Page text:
A man who beat a street sleeper to death with a rock because he had “always wanted to kill someone” faces the possibility of life behind bars.
Prosecutors are seeking a life sentence for a man who beat a rough sleeper to death simply because he was in the wrong place at the wrong time.
Kevin James Pettiford said he was thinking about whether or not to kill Andrew Murray, 56, who was sleeping rough in Tweed Heads in far northern New South Wales in November 2019.
The 38-year-old was arrested shortly after intentionally killing Murray with several large rocks, making a full confession to investigators.
A jury in December rejected a not guilty plea by reason of mental disability and found Pettiford guilty of one count of murder and one count of attempted murder for a later incident in which he attacked a fellow inmate.
Pettiford told police he wanted to become Australia’s most prolific serial killer.
Kevin James Pettiford, 38, has been found guilty of one count of murder and one count of attempted murder.
Crown prosecutor Brendan Campbell told the court that life imprisonment was the only appropriate punishment.
Crown prosecutor Brendan Campbell told a hearing in the New South Wales Supreme Court on Thursday that a sentence of life imprisonment was the only appropriate punishment given the circumstances of the crime.
“It was a brutal and callous murder, which in my opinion falls into the worst category,” he said.
“It represented a denial of Mr. Murray’s humanity.”
Pettiford sat hunched in the dock wearing a green prison uniform as the court weighed his fate.
Campbell urged the court to reject the defense’s claim that Pettiford had some form of bipolar disorder and was in a manic state at the time.
He noted that Pettiford had weighed whether to commit the murder as proof that the attack was premeditated and that the killer was not in the grips of a manic episode.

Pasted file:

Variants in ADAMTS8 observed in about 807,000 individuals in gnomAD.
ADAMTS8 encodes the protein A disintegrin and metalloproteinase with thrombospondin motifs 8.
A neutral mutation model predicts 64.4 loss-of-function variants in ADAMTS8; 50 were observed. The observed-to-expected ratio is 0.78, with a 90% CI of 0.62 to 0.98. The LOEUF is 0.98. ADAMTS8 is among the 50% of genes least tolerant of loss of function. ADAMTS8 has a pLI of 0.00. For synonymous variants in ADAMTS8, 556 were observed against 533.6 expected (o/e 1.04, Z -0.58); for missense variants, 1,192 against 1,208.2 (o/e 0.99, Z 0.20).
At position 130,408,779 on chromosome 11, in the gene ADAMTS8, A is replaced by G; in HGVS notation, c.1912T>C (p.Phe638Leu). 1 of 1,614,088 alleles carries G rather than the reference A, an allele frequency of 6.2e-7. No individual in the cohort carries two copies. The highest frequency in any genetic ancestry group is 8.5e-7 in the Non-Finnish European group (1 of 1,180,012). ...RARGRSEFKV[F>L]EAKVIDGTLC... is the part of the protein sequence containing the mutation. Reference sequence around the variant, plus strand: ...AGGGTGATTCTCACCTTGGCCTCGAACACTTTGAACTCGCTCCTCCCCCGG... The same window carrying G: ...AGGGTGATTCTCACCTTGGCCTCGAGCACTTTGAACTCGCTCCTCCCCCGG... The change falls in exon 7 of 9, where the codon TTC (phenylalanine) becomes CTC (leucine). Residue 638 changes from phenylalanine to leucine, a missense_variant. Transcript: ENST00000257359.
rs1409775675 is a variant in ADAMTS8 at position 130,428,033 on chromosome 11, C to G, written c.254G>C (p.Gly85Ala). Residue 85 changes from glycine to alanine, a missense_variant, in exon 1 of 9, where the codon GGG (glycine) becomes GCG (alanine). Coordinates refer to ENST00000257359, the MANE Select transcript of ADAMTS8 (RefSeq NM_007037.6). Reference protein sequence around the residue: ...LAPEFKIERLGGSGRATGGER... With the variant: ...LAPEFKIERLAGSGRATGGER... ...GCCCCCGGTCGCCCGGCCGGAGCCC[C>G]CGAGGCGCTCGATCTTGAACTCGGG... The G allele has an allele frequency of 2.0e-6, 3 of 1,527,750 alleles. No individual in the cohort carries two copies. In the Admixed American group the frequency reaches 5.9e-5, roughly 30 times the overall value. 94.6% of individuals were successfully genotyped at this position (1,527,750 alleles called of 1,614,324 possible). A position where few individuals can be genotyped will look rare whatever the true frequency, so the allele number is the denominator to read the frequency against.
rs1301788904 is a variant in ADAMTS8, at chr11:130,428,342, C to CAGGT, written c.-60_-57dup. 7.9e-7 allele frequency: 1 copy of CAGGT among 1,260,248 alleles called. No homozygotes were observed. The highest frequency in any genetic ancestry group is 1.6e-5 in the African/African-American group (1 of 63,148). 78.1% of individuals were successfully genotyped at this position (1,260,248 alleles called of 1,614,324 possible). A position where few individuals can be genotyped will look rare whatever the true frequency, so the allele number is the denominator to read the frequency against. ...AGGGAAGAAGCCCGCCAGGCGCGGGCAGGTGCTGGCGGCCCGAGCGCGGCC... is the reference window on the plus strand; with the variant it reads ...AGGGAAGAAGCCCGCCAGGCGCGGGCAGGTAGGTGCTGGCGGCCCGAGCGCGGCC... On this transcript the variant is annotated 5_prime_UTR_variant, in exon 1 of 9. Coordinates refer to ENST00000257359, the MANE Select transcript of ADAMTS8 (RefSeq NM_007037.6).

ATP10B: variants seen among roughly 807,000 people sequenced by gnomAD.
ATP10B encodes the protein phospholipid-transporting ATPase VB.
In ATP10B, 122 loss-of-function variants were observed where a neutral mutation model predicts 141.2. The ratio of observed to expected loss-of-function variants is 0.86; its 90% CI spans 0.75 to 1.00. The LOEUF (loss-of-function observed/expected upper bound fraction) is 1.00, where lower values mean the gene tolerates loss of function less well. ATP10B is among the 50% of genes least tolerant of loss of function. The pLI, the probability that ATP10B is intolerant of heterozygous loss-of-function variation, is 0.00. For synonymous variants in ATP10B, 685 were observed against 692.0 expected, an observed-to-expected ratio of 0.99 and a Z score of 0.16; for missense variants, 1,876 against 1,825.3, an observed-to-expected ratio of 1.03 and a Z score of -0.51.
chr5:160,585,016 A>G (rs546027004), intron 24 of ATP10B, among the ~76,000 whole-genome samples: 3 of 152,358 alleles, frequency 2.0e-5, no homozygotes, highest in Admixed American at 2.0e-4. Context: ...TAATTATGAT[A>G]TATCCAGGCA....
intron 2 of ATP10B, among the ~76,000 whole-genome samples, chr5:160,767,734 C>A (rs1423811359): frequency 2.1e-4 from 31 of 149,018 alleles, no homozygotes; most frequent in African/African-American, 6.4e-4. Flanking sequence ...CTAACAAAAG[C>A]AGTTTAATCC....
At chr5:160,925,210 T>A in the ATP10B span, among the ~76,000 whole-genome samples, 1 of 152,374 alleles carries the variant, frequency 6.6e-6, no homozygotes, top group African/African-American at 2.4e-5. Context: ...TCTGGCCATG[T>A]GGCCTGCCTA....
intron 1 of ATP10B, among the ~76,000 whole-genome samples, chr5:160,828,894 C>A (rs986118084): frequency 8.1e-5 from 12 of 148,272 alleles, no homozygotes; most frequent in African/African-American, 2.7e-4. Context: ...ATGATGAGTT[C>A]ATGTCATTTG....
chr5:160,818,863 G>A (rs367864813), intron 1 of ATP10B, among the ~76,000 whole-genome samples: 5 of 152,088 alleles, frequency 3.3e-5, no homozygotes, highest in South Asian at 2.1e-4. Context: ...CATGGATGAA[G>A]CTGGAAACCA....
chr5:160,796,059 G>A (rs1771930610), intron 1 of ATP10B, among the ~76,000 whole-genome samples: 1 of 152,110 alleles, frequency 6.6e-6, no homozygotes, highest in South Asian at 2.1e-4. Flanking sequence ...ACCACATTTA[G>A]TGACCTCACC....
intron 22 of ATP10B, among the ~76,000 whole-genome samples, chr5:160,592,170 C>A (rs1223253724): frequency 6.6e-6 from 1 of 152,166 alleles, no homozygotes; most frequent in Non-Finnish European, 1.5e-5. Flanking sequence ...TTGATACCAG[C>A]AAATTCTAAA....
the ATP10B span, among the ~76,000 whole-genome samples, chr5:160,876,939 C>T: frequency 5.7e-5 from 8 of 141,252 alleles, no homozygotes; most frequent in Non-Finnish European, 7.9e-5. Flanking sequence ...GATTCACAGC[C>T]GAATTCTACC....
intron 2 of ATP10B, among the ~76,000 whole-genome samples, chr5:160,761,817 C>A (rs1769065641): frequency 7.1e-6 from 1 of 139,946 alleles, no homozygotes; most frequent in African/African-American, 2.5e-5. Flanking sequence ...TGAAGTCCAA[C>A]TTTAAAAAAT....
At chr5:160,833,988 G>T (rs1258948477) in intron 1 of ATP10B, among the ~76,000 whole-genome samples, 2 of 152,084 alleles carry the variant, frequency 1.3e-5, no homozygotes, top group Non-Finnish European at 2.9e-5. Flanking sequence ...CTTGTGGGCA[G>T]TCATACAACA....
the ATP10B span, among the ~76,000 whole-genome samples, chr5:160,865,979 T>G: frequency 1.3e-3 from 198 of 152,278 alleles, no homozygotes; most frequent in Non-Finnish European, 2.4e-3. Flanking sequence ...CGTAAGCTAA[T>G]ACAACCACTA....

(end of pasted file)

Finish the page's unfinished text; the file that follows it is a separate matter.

The 38-year-old also delayed attacking an inmate, Nathan Mellows, on two occasions, once because he wanted to watch Test cricket on television and once to watch a Star Wars film, the court heard.
Defense lawyer Jason Watts said there were different degrees of manic episodes and that Pettiford’s presentation had been different since he started his current psychiatric medication regimen.
Murray’s daughter Kate gave a victim impact statement in the New South Wales Supreme Court on Thursday.
Murray’s daughter Kate told the court that Pettiford had deprived her of a future with her father, who had a “wicked sense of humor” and was often too smart for his own good.
“My father did not have the opportunity to walk me down the aisle at my wedding or have a father-daughter dance that I have seen so many of my friends enjoy,” she said in a victim impact statement.
“She won’t be here to see the birth of her first granddaughter.”
Murray said the loss of his father was compounded by the circumstances of his death.
“Our family is in deep pain and anger… over a choice, a bad choice,” he said.
Pettiford said he had the urge to kill from a young age and told police it “got worse” as he grew older and he didn’t know why.
He described himself as “emotionless” during the attack, hitting Mr Murray five or six times in the temple with three large stones.
“I was in the wrong place at the wrong time. That was it,” he told police.
The matter is scheduled for sentencing on March 27.
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